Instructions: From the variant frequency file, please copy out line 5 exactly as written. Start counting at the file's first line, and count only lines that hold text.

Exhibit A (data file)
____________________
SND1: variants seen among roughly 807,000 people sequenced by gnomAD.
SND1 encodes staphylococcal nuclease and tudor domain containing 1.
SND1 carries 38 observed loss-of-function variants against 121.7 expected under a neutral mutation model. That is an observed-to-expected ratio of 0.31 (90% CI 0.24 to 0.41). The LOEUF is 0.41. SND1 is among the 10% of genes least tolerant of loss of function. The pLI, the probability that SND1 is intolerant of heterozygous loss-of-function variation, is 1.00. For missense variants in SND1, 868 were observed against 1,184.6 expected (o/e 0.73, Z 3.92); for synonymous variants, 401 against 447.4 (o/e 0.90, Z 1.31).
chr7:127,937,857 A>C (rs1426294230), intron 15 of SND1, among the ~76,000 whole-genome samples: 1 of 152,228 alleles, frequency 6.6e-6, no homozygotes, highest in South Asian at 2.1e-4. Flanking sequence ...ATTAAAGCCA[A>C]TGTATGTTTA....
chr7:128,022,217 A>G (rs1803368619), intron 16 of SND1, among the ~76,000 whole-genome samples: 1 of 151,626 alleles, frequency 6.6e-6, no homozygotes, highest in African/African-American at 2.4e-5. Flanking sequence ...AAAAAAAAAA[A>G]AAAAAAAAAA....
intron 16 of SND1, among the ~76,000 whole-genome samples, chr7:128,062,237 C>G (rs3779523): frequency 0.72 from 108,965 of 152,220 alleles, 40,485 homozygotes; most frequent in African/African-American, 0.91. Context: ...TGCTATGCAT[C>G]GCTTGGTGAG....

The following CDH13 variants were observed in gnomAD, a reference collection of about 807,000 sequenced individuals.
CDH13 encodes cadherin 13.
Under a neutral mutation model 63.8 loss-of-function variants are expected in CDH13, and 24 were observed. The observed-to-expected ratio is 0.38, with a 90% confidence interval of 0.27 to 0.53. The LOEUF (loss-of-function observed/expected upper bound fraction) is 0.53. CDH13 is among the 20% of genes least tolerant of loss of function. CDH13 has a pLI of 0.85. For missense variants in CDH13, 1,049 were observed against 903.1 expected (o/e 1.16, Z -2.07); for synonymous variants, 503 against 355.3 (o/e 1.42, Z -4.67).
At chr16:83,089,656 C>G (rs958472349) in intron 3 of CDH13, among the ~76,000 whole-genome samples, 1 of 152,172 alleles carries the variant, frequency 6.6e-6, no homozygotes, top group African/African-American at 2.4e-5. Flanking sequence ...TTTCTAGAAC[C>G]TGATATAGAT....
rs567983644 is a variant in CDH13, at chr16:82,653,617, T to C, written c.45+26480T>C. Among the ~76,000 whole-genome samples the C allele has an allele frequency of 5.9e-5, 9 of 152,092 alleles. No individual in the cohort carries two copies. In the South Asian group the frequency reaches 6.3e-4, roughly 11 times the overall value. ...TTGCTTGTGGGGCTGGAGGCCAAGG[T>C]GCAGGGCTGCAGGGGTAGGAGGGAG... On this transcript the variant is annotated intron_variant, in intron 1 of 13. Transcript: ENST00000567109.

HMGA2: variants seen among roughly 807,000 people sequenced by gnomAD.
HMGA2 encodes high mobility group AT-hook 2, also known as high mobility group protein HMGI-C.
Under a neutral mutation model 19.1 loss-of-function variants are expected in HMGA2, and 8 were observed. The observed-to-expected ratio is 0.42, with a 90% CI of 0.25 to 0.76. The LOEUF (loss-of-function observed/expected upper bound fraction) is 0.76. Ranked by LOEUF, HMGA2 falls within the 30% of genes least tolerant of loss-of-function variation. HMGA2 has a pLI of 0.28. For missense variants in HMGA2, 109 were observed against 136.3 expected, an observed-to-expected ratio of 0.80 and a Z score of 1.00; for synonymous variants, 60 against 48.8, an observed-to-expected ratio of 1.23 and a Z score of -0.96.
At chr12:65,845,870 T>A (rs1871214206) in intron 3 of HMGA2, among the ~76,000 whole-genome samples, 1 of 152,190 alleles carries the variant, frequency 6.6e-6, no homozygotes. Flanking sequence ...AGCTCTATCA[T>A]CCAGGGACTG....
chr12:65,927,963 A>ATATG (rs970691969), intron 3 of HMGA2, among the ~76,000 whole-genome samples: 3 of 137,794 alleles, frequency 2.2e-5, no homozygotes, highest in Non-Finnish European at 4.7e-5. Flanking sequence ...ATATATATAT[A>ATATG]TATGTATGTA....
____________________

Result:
chr7:128,022,217 A>G (rs1803368619), intron 16 of SND1, among the ~76,000 whole-genome samples: 1 of 151,626 alleles, frequency 6.6e-6, no homozygotes, highest in African/African-American at 2.4e-5. Flanking sequence ...AAAAAAAAAA[A>G]AAAAAAAAAA....